Control of Blood Vessel Formation by Notch Signaling

  • Fabian Tetzlaff
  • Andreas FischerEmail author
Part of the Advances in Experimental Medicine and Biology book series (AEMB, volume 1066)


Blood vessels span throughout the body to nourish tissue cells and to provide gateways for immune surveillance. Endothelial cells that line capillaries have the remarkable capacity to be quiescent for years but to switch rapidly into the activated state once new blood vessels need to be formed. In addition, endothelial cells generate niches for progenitor and tumor cells and provide organ-specific paracrine (angiocrine) factors that control organ development and regeneration, maintenance of homeostasis and tumor progression. Recent data indicate a pivotal role for blood vessels in responding to metabolic changes and that endothelial cell metabolism is a novel regulator of angiogenesis. The Notch pathway is the central signaling mode that cooperates with VEGF, WNT, BMP, TGF-β, angiopoietin signaling and cell metabolism to orchestrate angiogenesis, tip/stalk cell selection and arteriovenous specification. Here, we summarize the current knowledge and implications regarding the complex roles of Notch signaling during physiological and tumor angiogenesis, the dynamic nature of tip/stalk cell selection in the nascent vessel sprout and arteriovenous differentiation. Furthermore, we shed light on recent work on endothelial cell metabolism, perfusion-independent angiocrine functions of endothelial cells in organ-specific vascular beds and how manipulation of Notch signaling may be used to target the tumor vasculature.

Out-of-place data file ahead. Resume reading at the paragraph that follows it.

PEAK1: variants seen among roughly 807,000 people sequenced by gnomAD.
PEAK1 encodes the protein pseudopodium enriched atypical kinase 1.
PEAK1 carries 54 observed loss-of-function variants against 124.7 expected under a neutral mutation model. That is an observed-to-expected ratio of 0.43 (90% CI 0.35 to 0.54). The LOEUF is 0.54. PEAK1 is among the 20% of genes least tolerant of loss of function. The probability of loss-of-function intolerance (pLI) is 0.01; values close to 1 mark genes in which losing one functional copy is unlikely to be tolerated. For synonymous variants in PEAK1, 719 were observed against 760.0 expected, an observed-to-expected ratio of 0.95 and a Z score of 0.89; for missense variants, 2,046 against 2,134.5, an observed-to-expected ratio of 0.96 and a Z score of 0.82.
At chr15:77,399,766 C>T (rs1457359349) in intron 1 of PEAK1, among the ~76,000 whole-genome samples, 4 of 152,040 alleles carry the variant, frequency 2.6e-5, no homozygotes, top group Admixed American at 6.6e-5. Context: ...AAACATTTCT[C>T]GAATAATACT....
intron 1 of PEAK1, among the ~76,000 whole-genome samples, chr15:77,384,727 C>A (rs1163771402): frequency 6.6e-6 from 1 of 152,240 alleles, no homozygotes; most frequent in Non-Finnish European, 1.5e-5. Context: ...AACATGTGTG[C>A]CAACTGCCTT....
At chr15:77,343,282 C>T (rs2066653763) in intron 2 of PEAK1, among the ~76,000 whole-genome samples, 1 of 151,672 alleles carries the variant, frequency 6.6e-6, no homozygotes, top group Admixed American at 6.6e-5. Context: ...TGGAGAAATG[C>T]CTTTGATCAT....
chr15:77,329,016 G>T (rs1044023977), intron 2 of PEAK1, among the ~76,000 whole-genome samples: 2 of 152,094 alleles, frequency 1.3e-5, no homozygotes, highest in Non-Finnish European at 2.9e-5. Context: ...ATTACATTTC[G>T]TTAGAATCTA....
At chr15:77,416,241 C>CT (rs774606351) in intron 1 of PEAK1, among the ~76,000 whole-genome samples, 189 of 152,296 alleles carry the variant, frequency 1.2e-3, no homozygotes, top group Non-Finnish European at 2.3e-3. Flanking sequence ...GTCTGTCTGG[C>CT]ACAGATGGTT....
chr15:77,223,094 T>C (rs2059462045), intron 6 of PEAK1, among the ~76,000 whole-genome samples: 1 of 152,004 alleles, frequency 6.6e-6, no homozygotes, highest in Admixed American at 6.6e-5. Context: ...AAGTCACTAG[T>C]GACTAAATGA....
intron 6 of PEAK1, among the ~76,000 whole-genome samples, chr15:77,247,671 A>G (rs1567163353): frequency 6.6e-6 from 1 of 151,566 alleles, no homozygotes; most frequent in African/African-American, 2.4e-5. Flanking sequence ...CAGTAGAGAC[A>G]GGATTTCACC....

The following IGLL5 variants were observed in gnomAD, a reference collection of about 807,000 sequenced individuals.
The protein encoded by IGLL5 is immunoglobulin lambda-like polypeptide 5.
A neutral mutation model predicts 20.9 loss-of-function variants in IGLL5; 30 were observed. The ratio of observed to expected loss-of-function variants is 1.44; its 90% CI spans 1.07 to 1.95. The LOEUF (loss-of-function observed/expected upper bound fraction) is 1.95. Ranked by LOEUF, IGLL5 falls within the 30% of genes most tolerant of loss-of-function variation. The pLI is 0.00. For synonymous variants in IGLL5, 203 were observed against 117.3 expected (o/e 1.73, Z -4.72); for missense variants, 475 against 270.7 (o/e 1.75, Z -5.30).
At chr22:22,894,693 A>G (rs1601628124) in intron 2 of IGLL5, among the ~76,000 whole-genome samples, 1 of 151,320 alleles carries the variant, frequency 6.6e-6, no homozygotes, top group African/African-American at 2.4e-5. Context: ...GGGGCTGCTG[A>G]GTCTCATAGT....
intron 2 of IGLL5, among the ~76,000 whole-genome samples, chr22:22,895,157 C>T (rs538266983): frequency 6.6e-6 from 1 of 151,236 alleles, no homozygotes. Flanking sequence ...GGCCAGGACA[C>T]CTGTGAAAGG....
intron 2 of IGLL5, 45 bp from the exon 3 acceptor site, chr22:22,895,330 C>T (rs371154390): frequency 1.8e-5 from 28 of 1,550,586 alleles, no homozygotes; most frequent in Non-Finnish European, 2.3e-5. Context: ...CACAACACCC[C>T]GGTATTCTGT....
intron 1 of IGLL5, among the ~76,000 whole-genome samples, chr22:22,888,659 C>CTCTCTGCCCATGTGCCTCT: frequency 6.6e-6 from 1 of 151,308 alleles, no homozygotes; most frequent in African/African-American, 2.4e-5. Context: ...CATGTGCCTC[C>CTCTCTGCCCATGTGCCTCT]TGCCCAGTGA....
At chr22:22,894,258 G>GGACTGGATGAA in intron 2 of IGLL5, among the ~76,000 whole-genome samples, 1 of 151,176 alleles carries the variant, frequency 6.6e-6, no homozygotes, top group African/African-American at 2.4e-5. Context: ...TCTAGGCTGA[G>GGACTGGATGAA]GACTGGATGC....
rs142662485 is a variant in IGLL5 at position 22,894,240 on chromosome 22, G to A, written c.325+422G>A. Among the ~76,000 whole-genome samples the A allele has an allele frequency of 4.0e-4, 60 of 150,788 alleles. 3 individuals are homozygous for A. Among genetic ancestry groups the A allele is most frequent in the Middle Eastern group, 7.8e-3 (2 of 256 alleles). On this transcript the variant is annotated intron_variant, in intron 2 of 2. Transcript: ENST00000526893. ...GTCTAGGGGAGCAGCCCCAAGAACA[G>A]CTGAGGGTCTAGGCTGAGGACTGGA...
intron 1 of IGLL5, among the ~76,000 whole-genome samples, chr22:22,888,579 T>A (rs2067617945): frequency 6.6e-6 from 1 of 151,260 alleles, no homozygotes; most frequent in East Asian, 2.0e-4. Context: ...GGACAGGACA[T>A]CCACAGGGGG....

Angiogenesis Notch signaling Arteriovenous differentiation Tumor angiogenesis Angiocrine signaling Endothelial metabolism Endothelial cells 



We thank all members of the Fischer laboratory for critical discussion and apologize to all colleagues whose work could not be cited in this chapter. Work in our laboratory on these topics has been supported by the Deutsche Forschungsgemeinschaft (DFG-FI1568/3-1; FI1568/5-1; SFB-TR23), the Helmholtz Society and the German Cancer Research Center Heidelberg.


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Copyright information

© Springer International Publishing AG, part of Springer Nature 2018

Authors and Affiliations

  1. 1.Vascular Signaling and Cancer (A270)German Cancer Research Center (DKFZ)HeidelbergGermany
  2. 2.Vascular Biology, CBTM, Medical Faculty MannheimHeidelberg UniversityMannheimGermany
  3. 3.Department of Medicine I and Clinical ChemistryHeidelberg University HospitalHeidelbergGermany

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